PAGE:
Reaching back into time (and into the bottom of a box that surfaced during unpacking yesterday) I come up with my first-ever attempt at both knitting in the round on DPNs, and at stranded colorwork in the round:

I did ita couple of yearsafter I started knitting, about the same time I began becoming rabid about knitting in general. I used a bunch of Shetland scraps raided from my mother’s stash. Like most samplers I do, I didn’t bother planning or charting anything out before hand, I just did it on the fly, experimenting with technique, color, size of floats, number of DPNs (I tried out everything from 3-6 on this piece), and pattern.

Now. Have you guessed what this thing is? It’s not a mitten or glove. It’s not a sock. It’s not a piece of gentleman’s intimate apparel, either (were it so, the size alone would make it pretty spectacular, athough the itch-factor might be somewhat limiting).

It’s a putter cover I made for The Resident Male. He took up serious golfing around the same time as I picked up serious knitting. No connection between the two pursuits other than this item.

There’s a social history lesson connected with this cover, too. I knit on this mostly at lunch hour at work, and on a couple of business trips because I wanted it to be a surprise gift. My boss at the time saw me knitting away on the thing in the airport, and upon our return to D.C., called me into his office.

He gave me a long lecture on why I should **never** let anyone who knew me in a professional capacity **ever** see me doing needlework. He went on to say that I should **never** wear or display my own products at work, because no one would take me seriously in the world of work if they connected me with domestic pursuits.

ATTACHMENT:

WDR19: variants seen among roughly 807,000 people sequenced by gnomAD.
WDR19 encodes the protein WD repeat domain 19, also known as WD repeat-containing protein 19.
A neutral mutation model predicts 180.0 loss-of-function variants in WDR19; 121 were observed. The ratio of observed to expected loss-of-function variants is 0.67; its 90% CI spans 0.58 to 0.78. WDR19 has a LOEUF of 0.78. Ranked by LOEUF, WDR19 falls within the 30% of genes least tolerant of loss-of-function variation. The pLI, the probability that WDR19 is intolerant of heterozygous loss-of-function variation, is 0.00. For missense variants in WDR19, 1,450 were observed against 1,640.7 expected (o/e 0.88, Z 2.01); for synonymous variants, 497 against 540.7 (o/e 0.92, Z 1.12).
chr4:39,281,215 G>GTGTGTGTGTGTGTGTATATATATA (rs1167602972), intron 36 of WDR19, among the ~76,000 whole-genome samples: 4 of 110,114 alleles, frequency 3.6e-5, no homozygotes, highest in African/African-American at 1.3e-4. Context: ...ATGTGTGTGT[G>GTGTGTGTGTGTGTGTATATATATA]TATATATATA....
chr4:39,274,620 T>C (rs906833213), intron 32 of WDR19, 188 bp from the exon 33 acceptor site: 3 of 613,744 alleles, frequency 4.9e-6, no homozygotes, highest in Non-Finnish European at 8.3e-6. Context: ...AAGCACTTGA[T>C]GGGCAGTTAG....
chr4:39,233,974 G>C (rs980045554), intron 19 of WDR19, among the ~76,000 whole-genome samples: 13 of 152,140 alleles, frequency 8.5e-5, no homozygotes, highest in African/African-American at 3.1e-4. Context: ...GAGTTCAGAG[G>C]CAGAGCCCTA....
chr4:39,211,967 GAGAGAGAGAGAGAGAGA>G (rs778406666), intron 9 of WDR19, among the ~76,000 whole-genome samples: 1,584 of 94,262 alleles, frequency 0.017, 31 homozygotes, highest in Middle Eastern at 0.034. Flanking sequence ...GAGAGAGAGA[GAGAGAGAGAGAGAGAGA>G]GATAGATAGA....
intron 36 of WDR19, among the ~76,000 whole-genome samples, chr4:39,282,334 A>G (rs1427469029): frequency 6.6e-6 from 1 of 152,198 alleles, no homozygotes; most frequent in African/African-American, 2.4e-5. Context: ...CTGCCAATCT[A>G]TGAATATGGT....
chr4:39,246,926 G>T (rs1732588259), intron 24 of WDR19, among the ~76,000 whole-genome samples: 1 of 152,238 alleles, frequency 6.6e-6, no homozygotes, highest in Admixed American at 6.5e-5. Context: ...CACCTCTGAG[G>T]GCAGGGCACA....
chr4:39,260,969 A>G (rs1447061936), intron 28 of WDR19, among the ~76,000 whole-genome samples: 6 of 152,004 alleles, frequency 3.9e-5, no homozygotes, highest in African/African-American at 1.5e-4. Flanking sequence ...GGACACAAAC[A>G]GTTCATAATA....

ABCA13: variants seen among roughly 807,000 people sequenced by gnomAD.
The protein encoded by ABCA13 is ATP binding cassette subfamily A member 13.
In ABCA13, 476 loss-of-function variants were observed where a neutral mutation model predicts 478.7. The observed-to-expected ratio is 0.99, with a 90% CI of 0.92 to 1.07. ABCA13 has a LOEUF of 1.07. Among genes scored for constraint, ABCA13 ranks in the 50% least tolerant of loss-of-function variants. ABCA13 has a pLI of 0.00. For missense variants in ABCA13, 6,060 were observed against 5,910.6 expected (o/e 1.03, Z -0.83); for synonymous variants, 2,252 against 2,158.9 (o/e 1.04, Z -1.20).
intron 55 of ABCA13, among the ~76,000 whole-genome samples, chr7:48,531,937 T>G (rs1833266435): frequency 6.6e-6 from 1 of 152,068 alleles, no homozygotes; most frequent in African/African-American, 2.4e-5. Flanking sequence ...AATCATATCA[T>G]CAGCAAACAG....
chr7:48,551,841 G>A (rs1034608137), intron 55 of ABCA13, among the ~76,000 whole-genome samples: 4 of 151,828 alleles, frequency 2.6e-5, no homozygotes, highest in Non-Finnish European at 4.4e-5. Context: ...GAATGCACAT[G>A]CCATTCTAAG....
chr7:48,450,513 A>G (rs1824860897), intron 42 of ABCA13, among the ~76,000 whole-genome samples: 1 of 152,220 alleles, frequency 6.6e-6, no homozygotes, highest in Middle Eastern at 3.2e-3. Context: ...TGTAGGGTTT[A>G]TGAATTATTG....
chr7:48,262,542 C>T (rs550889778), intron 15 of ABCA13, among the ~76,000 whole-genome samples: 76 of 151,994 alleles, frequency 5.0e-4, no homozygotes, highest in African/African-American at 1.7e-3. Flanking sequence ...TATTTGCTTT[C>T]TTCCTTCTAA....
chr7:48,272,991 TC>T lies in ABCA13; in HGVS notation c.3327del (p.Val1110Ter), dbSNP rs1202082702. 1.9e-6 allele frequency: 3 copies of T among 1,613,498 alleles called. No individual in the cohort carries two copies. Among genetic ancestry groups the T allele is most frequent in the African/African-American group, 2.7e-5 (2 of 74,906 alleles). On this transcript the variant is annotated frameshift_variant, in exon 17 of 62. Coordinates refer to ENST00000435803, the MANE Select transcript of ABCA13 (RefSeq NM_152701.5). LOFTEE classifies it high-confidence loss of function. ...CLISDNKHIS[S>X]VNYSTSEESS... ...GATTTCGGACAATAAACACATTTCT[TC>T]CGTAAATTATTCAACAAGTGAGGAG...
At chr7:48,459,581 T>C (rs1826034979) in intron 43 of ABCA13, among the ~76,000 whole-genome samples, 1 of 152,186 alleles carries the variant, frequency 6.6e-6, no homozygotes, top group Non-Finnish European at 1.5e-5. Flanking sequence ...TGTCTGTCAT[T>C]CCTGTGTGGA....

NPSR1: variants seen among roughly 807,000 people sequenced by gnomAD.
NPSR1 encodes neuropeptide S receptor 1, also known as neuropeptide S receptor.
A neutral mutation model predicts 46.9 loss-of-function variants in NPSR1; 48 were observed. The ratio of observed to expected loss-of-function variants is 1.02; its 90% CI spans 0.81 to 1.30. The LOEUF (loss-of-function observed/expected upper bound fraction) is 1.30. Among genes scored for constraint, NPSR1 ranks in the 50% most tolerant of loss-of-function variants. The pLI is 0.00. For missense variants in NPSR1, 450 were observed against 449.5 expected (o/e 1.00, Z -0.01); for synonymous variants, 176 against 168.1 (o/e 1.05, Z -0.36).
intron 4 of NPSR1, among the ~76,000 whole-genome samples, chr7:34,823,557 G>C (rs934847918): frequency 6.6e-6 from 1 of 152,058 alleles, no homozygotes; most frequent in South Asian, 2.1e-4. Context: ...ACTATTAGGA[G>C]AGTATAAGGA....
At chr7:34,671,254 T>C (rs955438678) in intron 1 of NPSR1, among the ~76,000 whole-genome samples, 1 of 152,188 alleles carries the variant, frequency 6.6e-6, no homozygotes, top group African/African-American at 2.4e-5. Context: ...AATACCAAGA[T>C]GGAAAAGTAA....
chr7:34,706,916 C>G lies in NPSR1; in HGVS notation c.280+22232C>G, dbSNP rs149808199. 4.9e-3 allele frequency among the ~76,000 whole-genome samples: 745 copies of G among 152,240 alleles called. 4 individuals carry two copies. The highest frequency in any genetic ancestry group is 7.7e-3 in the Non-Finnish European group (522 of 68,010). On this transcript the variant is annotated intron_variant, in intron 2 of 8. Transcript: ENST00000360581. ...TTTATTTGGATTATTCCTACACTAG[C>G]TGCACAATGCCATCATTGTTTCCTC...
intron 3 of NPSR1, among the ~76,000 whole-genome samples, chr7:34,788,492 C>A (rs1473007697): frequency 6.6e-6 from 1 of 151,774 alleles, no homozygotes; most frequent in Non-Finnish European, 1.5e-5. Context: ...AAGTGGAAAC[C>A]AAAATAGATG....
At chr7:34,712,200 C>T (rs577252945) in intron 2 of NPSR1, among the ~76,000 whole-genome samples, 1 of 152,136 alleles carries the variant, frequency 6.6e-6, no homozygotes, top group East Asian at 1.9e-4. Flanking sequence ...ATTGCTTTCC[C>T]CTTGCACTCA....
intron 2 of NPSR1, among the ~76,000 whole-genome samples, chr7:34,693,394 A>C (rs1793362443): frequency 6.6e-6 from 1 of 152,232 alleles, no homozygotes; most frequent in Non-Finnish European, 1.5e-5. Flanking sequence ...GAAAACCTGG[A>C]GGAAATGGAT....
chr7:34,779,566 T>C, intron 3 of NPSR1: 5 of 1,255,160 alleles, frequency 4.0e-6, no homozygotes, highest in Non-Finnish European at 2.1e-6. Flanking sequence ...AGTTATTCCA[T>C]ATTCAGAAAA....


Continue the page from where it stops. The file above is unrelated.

To be fair, even though it was the mid ’80s, I was working in a big-time construction/project management firm – in an extremely conservative industry largely devoid of women. But this particular workplace was backwards-thinking in the extreme. To illustrate the mindset there – I once got an employee recognition award given to me in public,with the introduction "And here’s the little lady who put the lie into the statement that you can’t have boobs and brains both."[shudder]

Back to knitting, I can report that I

  1. blissfully ignored his advice and kept knitting,
  2. moved on to another employer after it was explained to me that my promotion track as a fem was nil; and
  3. to this day, proudlywear and display my products everywhere I work.

For those of you born after the Carter administration, the attitude displayed by my former boss was common. Another oft-heard diatribe was that women shouldn’t do needlework, because all forms of needlework were artificesthat restricted women’s sphere of interest and creativity. This attitude was more hurtful, as it largely came from other women. (If you think I’m kidding about this, look into the book The Subversive Stitch by Rozsika Parker.) For a long time this attitude wasin part responsible for the decline in interest in knitting and stitching among younger women.

I am delighted today that things are on the upswing. I can be an aging grrlnerd, and have interests and accomplishments as diverse as fine embroidery, lace knitting, computer gaming,and SCA heavy list fighting, and no one will think the less of me for doing or having done any of them in particular. Now if only I could do something about that "aging" part, as it is having a real drag effect on employability…

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